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photo : Straw egg holder / Foodstuffs/ Yamagata prefecture. A work of art in itself, this packaging was made by farmers well versed in the properties of straw, and born out of long experience. There were many variations of this packaging method, and eggs were also packed horizontally, depending on the region. Contrived so that even if the topmost egg is taken out, the next one won’t break. Made by Seiji Ishikawa (1921-1997). Photograph by Michikazu Sakai
Practicality and Aesthetics
The materials used for packaging were those found close to hand in nature. Much of the packaging was born out of necessity, practical things that were deeply rooted in daily life and passed on through the generations. Functionally they were also superb, as wrapping made things convenient to carry around, and opening them up was simple. The items on display are a testimony to the highly advanced wrapping skills behind them.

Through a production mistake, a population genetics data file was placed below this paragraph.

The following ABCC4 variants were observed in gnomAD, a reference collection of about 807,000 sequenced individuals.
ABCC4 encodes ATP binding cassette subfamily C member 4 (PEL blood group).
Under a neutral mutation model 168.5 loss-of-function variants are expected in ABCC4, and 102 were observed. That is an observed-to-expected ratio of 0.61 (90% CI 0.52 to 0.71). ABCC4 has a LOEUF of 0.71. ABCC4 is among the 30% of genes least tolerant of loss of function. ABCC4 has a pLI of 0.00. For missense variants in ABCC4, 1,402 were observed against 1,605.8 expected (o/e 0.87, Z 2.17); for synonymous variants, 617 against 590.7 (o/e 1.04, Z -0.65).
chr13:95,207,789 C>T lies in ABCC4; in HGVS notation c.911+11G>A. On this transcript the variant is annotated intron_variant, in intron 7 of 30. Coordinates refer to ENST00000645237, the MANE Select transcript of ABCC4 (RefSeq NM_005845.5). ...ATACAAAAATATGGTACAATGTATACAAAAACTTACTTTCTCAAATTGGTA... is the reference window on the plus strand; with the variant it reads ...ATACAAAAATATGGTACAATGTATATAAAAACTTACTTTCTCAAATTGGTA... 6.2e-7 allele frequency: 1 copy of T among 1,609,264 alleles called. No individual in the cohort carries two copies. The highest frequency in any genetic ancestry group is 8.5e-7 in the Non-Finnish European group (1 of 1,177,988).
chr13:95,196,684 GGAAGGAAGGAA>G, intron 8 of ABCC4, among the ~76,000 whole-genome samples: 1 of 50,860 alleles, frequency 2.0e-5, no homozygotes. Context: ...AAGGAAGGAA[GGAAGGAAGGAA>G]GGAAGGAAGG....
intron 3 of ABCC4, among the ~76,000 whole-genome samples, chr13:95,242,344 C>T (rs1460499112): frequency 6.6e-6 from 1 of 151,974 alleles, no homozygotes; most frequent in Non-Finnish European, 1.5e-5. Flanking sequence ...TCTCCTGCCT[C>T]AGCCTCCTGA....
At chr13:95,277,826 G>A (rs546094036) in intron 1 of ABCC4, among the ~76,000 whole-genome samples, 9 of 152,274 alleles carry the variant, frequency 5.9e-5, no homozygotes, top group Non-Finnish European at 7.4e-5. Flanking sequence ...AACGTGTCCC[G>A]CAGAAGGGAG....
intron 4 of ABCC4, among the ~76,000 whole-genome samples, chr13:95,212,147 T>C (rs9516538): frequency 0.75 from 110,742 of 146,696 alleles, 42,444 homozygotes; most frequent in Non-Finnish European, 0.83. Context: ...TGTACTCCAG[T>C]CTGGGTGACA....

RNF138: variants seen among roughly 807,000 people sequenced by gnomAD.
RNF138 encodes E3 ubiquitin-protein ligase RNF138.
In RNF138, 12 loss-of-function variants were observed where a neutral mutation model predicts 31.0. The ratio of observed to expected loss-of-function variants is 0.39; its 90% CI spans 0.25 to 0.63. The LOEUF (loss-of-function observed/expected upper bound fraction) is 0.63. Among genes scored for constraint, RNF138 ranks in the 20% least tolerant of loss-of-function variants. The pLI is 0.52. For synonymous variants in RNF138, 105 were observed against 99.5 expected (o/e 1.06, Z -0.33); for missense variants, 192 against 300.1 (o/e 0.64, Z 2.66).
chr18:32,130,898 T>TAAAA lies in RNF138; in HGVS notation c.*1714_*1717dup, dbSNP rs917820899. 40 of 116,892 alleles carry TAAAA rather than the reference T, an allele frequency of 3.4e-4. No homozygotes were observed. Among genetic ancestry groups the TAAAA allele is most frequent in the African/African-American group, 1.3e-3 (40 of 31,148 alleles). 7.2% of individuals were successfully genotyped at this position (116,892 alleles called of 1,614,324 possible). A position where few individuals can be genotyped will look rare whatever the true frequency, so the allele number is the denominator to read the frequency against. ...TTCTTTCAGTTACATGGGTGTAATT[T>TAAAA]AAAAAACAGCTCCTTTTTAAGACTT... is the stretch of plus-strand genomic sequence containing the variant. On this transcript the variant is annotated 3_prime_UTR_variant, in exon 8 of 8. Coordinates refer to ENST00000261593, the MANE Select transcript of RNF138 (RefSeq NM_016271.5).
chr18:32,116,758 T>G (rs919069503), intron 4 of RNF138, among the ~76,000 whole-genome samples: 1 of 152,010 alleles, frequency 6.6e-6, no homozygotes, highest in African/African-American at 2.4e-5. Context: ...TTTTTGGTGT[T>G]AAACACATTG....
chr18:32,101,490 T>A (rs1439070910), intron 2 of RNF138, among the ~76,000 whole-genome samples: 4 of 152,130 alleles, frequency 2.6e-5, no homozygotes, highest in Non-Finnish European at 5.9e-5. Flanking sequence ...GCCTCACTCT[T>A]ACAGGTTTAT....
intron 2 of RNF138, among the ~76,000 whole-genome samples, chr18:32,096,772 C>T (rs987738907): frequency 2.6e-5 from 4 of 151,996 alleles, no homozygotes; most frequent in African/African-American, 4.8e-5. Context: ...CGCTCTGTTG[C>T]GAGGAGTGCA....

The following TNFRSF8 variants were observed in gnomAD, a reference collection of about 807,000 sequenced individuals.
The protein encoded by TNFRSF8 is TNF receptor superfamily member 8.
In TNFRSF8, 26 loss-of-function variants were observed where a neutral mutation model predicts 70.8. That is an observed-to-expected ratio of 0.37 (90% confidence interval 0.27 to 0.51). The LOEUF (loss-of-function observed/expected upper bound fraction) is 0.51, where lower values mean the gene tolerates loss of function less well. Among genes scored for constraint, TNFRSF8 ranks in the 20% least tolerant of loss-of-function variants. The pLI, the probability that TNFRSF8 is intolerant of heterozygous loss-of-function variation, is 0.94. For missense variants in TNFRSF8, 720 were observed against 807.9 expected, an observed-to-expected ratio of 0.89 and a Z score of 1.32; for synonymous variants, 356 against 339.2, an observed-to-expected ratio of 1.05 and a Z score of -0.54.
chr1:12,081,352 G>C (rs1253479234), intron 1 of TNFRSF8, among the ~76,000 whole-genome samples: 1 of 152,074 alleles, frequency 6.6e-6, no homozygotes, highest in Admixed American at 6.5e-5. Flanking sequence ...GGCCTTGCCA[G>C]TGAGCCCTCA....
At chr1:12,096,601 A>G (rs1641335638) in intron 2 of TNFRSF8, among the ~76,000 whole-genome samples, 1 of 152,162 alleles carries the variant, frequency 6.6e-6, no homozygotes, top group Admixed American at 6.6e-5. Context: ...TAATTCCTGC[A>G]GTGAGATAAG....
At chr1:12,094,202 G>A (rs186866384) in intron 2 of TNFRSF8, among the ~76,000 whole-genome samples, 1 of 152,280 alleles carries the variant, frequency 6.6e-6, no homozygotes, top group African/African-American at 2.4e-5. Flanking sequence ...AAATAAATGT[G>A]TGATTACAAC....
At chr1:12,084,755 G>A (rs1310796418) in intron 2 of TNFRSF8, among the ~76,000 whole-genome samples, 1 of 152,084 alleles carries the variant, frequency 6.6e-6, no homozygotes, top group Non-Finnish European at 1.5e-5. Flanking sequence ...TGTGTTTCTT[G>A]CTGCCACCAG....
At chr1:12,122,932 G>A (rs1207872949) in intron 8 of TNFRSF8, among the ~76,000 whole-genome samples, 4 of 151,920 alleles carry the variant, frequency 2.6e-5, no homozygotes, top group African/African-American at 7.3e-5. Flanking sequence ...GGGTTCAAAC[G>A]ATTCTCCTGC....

Oka’s perspective has one more aspect to it, which is the aesthetic angle. The packaging did not have to be simply practical, it had to be beautiful as well. He sought out things that became even more beautiful through being wrapped. I felt as if I had seen the roots of the Japanese aesthetic that strives for beautiful wrapping, which has been passed down all the way to the present.
■Meguro Museum of Art, Tokyo
Meguro 2-4-36, Meguro-ku, Tokyo
Text / JQR Editorial Staff